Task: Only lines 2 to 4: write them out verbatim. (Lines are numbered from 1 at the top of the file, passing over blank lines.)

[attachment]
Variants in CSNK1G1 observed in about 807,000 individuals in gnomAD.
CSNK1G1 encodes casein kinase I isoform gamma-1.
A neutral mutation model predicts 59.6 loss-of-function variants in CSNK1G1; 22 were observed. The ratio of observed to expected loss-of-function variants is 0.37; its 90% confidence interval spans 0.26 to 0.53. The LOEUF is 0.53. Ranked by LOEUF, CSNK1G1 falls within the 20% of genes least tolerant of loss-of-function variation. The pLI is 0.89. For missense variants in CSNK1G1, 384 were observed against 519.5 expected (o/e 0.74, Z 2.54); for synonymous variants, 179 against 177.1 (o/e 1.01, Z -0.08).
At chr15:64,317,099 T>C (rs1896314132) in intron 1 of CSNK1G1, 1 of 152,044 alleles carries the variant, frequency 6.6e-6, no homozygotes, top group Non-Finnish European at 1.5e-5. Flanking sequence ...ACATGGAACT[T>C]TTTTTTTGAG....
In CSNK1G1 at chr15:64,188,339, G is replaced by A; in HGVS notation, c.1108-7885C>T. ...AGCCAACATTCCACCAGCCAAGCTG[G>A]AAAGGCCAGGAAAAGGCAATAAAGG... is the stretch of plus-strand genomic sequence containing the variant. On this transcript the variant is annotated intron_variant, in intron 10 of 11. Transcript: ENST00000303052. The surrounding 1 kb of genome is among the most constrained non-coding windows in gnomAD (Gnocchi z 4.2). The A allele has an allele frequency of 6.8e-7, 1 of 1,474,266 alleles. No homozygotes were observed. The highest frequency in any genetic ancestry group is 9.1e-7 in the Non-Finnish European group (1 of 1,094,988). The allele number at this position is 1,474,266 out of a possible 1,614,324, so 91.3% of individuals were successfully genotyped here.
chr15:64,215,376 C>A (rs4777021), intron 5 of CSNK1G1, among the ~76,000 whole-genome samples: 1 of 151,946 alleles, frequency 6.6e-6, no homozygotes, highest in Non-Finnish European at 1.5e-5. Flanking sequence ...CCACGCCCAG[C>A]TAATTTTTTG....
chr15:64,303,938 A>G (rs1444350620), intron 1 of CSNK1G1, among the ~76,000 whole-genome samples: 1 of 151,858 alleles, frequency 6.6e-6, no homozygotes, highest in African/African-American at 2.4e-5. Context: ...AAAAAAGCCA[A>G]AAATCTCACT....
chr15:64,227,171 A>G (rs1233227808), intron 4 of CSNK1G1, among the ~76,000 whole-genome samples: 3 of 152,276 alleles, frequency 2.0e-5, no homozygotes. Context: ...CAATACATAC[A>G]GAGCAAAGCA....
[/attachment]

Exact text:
CSNK1G1 encodes casein kinase I isoform gamma-1.
A neutral mutation model predicts 59.6 loss-of-function variants in CSNK1G1; 22 were observed. The ratio of observed to expected loss-of-function variants is 0.37; its 90% confidence interval spans 0.26 to 0.53. The LOEUF is 0.53. Ranked by LOEUF, CSNK1G1 falls within the 20% of genes least tolerant of loss-of-function variation. The pLI is 0.89. For missense variants in CSNK1G1, 384 were observed against 519.5 expected (o/e 0.74, Z 2.54); for synonymous variants, 179 against 177.1 (o/e 1.01, Z -0.08).
At chr15:64,317,099 T>C (rs1896314132) in intron 1 of CSNK1G1, 1 of 152,044 alleles carries the variant, frequency 6.6e-6, no homozygotes, top group Non-Finnish European at 1.5e-5. Flanking sequence ...ACATGGAACT[T>C]TTTTTTTGAG....